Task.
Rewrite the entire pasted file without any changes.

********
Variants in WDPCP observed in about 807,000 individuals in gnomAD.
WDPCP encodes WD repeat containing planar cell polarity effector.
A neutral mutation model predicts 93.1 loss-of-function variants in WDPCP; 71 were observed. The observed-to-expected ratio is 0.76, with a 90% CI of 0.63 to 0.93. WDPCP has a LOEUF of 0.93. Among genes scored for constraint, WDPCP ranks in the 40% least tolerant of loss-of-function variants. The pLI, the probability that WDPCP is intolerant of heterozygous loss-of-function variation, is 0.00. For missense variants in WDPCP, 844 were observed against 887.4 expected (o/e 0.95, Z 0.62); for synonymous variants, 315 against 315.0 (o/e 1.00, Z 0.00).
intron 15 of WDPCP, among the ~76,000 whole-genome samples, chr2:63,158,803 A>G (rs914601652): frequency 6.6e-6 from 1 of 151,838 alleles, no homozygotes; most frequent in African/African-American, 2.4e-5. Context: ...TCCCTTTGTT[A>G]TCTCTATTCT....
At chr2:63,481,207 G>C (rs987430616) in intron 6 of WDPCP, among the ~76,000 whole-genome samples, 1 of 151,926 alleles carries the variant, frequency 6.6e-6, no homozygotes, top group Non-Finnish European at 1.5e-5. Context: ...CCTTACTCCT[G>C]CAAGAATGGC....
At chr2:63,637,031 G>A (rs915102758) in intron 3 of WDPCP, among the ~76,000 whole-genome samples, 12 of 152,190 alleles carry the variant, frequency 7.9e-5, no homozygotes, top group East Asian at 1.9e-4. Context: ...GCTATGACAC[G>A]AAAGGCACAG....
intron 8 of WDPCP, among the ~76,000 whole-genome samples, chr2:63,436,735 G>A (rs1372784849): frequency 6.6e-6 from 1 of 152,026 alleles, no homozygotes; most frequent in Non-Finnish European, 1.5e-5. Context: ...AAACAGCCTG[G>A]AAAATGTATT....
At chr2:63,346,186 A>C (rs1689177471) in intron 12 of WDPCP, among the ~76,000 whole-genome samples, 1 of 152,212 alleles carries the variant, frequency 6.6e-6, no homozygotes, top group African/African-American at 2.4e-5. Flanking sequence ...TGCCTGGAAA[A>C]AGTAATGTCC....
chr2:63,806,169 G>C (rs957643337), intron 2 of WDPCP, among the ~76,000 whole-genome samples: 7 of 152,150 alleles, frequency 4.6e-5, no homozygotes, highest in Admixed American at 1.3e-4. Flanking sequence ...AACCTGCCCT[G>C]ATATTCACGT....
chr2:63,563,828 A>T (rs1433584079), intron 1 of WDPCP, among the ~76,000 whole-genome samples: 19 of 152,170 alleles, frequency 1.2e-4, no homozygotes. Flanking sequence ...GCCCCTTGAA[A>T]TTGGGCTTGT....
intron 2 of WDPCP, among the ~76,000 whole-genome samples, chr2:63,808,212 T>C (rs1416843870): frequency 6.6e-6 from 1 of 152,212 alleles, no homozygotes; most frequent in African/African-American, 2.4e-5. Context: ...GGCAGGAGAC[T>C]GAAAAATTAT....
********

Variants in WDPCP observed in about 807,000 individuals in gnomAD.
WDPCP encodes WD repeat containing planar cell polarity effector.
A neutral mutation model predicts 93.1 loss-of-function variants in WDPCP; 71 were observed. The observed-to-expected ratio is 0.76, with a 90% CI of 0.63 to 0.93. WDPCP has a LOEUF of 0.93. Among genes scored for constraint, WDPCP ranks in the 40% least tolerant of loss-of-function variants. The pLI, the probability that WDPCP is intolerant of heterozygous loss-of-function variation, is 0.00. For missense variants in WDPCP, 844 were observed against 887.4 expected (o/e 0.95, Z 0.62); for synonymous variants, 315 against 315.0 (o/e 1.00, Z 0.00).
intron 15 of WDPCP, among the ~76,000 whole-genome samples, chr2:63,158,803 A>G (rs914601652): frequency 6.6e-6 from 1 of 151,838 alleles, no homozygotes; most frequent in African/African-American, 2.4e-5. Context: ...TCCCTTTGTT[A>G]TCTCTATTCT....
At chr2:63,481,207 G>C (rs987430616) in intron 6 of WDPCP, among the ~76,000 whole-genome samples, 1 of 151,926 alleles carries the variant, frequency 6.6e-6, no homozygotes, top group Non-Finnish European at 1.5e-5. Context: ...CCTTACTCCT[G>C]CAAGAATGGC....
At chr2:63,637,031 G>A (rs915102758) in intron 3 of WDPCP, among the ~76,000 whole-genome samples, 12 of 152,190 alleles carry the variant, frequency 7.9e-5, no homozygotes, top group East Asian at 1.9e-4. Context: ...GCTATGACAC[G>A]AAAGGCACAG....
intron 8 of WDPCP, among the ~76,000 whole-genome samples, chr2:63,436,735 G>A (rs1372784849): frequency 6.6e-6 from 1 of 152,026 alleles, no homozygotes; most frequent in Non-Finnish European, 1.5e-5. Context: ...AAACAGCCTG[G>A]AAAATGTATT....
At chr2:63,346,186 A>C (rs1689177471) in intron 12 of WDPCP, among the ~76,000 whole-genome samples, 1 of 152,212 alleles carries the variant, frequency 6.6e-6, no homozygotes, top group African/African-American at 2.4e-5. Flanking sequence ...TGCCTGGAAA[A>C]AGTAATGTCC....
chr2:63,806,169 G>C (rs957643337), intron 2 of WDPCP, among the ~76,000 whole-genome samples: 7 of 152,150 alleles, frequency 4.6e-5, no homozygotes, highest in Admixed American at 1.3e-4. Flanking sequence ...AACCTGCCCT[G>C]ATATTCACGT....
chr2:63,563,828 A>T (rs1433584079), intron 1 of WDPCP, among the ~76,000 whole-genome samples: 19 of 152,170 alleles, frequency 1.2e-4, no homozygotes. Flanking sequence ...GCCCCTTGAA[A>T]TTGGGCTTGT....
intron 2 of WDPCP, among the ~76,000 whole-genome samples, chr2:63,808,212 T>C (rs1416843870): frequency 6.6e-6 from 1 of 152,212 alleles, no homozygotes; most frequent in African/African-American, 2.4e-5. Context: ...GGCAGGAGAC[T>C]GAAAAATTAT....